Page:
We know that we can’t see our eye with our eye unless we have a mirror. For the same reason we cannot see our self. So how can we see our self, the thing we refer to when we say ‘I’? Sure, we can look in the mirror but then we only see our physical body. To see our self we need a different mirror and this mirror is our soul. Our soul is comprised of the functions thinking, feeling and willing. In its natural state an instinctive level of feeling is dominant. For example, we see a sunset and it passes us by unless we have a feeling about it. We fully register that feeling if we start thinking about it. We commit it to memory, or even take a photo of it, through the activity of our will.
How do we become more aware of the activity of our soul and our self? We know that if we explore an unknown territory we will get lost if we don’t have a map. Similarly, we cannot become self-aware of self unless we have a map of the terrain. It is best to create our own map by exploring the personal characteristic of our thinking, feeling and willing. If we orient ourselves through feeling, what is thinking and willing doing? If we are thinkers, what is feeling and willing doing? And so on. In this way, we begin to observe thinking, feeling and willing and hence start to look at our self in the mirror.
This is not a cold, detached process; we become the interested observer. The better able we are to do this the closer we come to asking, “Who is observing?” “I Am!” This experience takes us up a notch. We reach a higher level of thinking, feeling and willing.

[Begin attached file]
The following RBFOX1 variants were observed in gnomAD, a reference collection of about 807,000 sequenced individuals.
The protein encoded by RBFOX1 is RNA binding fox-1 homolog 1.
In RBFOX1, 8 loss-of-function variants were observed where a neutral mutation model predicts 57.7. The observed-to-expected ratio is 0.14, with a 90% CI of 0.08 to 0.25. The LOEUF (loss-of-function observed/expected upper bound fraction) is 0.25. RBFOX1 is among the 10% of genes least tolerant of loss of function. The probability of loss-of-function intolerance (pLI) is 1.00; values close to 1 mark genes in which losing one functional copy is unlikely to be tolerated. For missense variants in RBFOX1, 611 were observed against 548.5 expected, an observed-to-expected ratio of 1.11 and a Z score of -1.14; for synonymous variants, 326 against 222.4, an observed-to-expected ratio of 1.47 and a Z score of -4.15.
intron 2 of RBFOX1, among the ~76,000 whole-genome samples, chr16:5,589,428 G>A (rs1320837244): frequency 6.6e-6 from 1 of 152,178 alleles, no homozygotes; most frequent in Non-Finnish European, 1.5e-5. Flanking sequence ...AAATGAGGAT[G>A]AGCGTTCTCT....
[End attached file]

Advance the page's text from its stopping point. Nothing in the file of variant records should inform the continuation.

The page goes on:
When we are able to objectively observe the functions of our soul, we don’t get caught up in feelings of sympathy and antipathy. We remain open and approach new things without analysing, forming opinions, or criticising. Our whole soul becomes open; open thinking, open feeling and open will. We replace old alliances between feeling and thinking, thinking and willing, etc. with a new self-directed approach, we chart a new path.
Now we become more accepting, more loving and above all more observant. We no longer feel uncomfortable when others do not conform to our ideas; we lovingly allow our ideas to nestle with the ideas of others so that we can observe them over time to see if they contribute to a new understanding. In this way, we become self-aware of Self.
Image: Narcissus by Caravaggio 1599